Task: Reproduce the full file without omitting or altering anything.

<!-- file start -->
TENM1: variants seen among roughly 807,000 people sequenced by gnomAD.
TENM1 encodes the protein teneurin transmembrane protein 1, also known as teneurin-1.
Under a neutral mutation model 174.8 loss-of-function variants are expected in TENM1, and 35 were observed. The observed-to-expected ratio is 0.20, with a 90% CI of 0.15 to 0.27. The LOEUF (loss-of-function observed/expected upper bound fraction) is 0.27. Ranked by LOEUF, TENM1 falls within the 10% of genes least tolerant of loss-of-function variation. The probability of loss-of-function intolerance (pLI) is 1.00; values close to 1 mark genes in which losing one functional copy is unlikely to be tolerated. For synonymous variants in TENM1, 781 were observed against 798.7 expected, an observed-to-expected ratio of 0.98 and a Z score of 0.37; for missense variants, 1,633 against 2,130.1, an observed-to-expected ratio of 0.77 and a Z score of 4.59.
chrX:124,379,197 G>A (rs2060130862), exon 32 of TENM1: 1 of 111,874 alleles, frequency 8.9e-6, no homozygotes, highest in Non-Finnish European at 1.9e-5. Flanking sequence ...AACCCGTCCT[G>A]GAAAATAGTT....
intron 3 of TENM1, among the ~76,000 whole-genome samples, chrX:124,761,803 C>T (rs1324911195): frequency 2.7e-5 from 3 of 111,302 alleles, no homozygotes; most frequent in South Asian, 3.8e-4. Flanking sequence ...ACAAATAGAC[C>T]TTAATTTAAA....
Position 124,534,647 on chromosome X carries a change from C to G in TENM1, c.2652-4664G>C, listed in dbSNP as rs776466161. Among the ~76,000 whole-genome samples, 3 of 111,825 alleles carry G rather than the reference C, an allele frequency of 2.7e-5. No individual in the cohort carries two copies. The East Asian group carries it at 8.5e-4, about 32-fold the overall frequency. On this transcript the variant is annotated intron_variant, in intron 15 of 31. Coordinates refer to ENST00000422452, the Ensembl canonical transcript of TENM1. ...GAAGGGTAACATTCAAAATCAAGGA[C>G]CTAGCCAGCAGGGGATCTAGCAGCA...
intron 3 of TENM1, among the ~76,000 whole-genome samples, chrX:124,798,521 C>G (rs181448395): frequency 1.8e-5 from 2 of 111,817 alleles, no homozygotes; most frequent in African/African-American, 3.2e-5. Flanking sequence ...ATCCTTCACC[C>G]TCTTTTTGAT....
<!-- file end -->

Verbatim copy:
TENM1: variants seen among roughly 807,000 people sequenced by gnomAD.
TENM1 encodes the protein teneurin transmembrane protein 1, also known as teneurin-1.
Under a neutral mutation model 174.8 loss-of-function variants are expected in TENM1, and 35 were observed. The observed-to-expected ratio is 0.20, with a 90% CI of 0.15 to 0.27. The LOEUF (loss-of-function observed/expected upper bound fraction) is 0.27. Ranked by LOEUF, TENM1 falls within the 10% of genes least tolerant of loss-of-function variation. The probability of loss-of-function intolerance (pLI) is 1.00; values close to 1 mark genes in which losing one functional copy is unlikely to be tolerated. For synonymous variants in TENM1, 781 were observed against 798.7 expected, an observed-to-expected ratio of 0.98 and a Z score of 0.37; for missense variants, 1,633 against 2,130.1, an observed-to-expected ratio of 0.77 and a Z score of 4.59.
chrX:124,379,197 G>A (rs2060130862), exon 32 of TENM1: 1 of 111,874 alleles, frequency 8.9e-6, no homozygotes, highest in Non-Finnish European at 1.9e-5. Flanking sequence ...AACCCGTCCT[G>A]GAAAATAGTT....
intron 3 of TENM1, among the ~76,000 whole-genome samples, chrX:124,761,803 C>T (rs1324911195): frequency 2.7e-5 from 3 of 111,302 alleles, no homozygotes; most frequent in South Asian, 3.8e-4. Flanking sequence ...ACAAATAGAC[C>T]TTAATTTAAA....
Position 124,534,647 on chromosome X carries a change from C to G in TENM1, c.2652-4664G>C, listed in dbSNP as rs776466161. Among the ~76,000 whole-genome samples, 3 of 111,825 alleles carry G rather than the reference C, an allele frequency of 2.7e-5. No individual in the cohort carries two copies. The East Asian group carries it at 8.5e-4, about 32-fold the overall frequency. On this transcript the variant is annotated intron_variant, in intron 15 of 31. Coordinates refer to ENST00000422452, the Ensembl canonical transcript of TENM1. ...GAAGGGTAACATTCAAAATCAAGGA[C>G]CTAGCCAGCAGGGGATCTAGCAGCA...
intron 3 of TENM1, among the ~76,000 whole-genome samples, chrX:124,798,521 C>G (rs181448395): frequency 1.8e-5 from 2 of 111,817 alleles, no homozygotes; most frequent in African/African-American, 3.2e-5. Flanking sequence ...ATCCTTCACC[C>G]TCTTTTTGAT....